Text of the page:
JACKSONVILLE, Fla. – While top executives at JEA continue not to comment on the ongoing negotiations of a potential sale, the lawyers and lobbyists for the city-owned utility is paying to talk to prospective buyers are racking in big bucks.
A report from the Jacksonville City Council auditor shows JEA has contracts with seven law firms and financial advisors to help in the process are authorized to be paid up to $1.3 million. The report also shows that three and possibly a fourth firm has already gone over their budgeted amount.
Council Auditor Kyle Billy said that means contracts would have to be amended and the total cost would go up.
Firms contracted to assist JEA with plans to sell
JEA will not comment on the audit of the cost of the sales negotiations. JEA officials are in Atlanta this week meeting with nine companies that are still in the running to buy part or all of JEA.
JEA’s board will meet next Tuesday.
This is the latest revelation in the JEA saga. City Council members decided Tuesday night to hold off until the new year before taking up a resolution that would tell JEA to back off the sales talks. Councilman Sam Newby suggested the council not pass a referendum as an emergency and revisit the issue next month and his amendment prevailed.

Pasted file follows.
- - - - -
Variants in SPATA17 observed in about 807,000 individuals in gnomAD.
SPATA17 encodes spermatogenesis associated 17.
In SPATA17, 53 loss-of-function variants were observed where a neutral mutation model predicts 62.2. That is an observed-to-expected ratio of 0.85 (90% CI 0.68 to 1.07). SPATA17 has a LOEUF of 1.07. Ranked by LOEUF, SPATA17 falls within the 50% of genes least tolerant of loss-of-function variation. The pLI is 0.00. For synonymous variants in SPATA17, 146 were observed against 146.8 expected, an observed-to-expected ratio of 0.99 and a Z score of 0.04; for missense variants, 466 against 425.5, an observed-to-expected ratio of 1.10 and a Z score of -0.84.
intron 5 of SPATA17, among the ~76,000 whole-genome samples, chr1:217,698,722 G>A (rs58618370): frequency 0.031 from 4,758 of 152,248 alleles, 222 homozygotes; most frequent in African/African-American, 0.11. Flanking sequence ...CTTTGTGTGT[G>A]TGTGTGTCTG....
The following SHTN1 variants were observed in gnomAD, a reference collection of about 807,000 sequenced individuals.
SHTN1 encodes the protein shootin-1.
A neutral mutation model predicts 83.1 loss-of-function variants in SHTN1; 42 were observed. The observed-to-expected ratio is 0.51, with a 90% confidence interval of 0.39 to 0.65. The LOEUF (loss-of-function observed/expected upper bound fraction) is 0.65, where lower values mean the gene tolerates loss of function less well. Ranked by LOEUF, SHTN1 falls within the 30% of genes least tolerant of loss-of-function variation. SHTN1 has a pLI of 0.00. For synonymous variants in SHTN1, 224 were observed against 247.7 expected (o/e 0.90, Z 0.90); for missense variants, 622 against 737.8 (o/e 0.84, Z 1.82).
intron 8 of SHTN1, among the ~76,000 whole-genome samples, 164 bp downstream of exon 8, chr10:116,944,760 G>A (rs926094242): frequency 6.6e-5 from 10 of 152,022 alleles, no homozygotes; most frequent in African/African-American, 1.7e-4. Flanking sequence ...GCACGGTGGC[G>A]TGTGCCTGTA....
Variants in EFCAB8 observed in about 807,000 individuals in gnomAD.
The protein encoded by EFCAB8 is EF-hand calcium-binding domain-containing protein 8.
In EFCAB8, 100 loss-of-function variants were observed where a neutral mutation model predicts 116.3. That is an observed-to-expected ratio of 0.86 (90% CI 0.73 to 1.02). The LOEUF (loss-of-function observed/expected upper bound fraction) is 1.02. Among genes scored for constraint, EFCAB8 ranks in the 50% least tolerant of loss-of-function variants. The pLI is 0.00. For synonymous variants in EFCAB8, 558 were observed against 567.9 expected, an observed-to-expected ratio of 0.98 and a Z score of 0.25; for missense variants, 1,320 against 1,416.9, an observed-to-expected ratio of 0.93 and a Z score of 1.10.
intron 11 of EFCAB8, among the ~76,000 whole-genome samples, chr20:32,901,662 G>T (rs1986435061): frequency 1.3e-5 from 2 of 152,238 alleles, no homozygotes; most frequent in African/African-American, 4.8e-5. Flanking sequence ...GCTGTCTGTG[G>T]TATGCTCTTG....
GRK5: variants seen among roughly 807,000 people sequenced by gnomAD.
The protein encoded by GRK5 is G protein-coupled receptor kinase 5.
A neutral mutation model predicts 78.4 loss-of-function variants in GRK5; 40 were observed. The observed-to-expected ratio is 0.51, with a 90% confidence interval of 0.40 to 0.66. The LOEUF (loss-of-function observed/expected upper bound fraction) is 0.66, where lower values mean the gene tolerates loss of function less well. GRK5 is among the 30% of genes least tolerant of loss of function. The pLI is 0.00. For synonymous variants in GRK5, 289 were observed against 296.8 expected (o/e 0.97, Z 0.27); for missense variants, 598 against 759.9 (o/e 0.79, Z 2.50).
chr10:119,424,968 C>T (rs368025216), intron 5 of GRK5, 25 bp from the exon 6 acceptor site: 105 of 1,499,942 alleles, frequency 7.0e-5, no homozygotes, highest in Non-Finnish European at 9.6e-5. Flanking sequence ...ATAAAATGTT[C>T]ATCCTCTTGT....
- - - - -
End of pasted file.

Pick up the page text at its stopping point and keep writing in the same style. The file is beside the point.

Newby said the costs involved are one reason for concern about the process.
“Just the amount of money they are spending (JEA) and the amount of money it’s costing the citizens of Jacksonville. I am not an expert when you look at the numbers, I think they spend a little too much money,” Newby said.
Activists who protested against the JEA sale before Tuesday Council meeting held another rally on Wednesday, with about 30 people -- some on all four floors of City Hall calling for a boycott of area businesses to show opposition to this idea, as well as the need for new gun laws and the half-cent sales tax to fund schools.
“We are going to send a serious message to city government and the mayor of the city that we are sick and tired of them ignoring people,” said Pastor R.L. Gundy of the Jacksonville Leadership Coalition. “Normally, they don’t pay attention to people who are protesting and asking for change. Well, we are going to start going after the money in the city and start picketing things and start protesting and stop spending our money to get their attention.”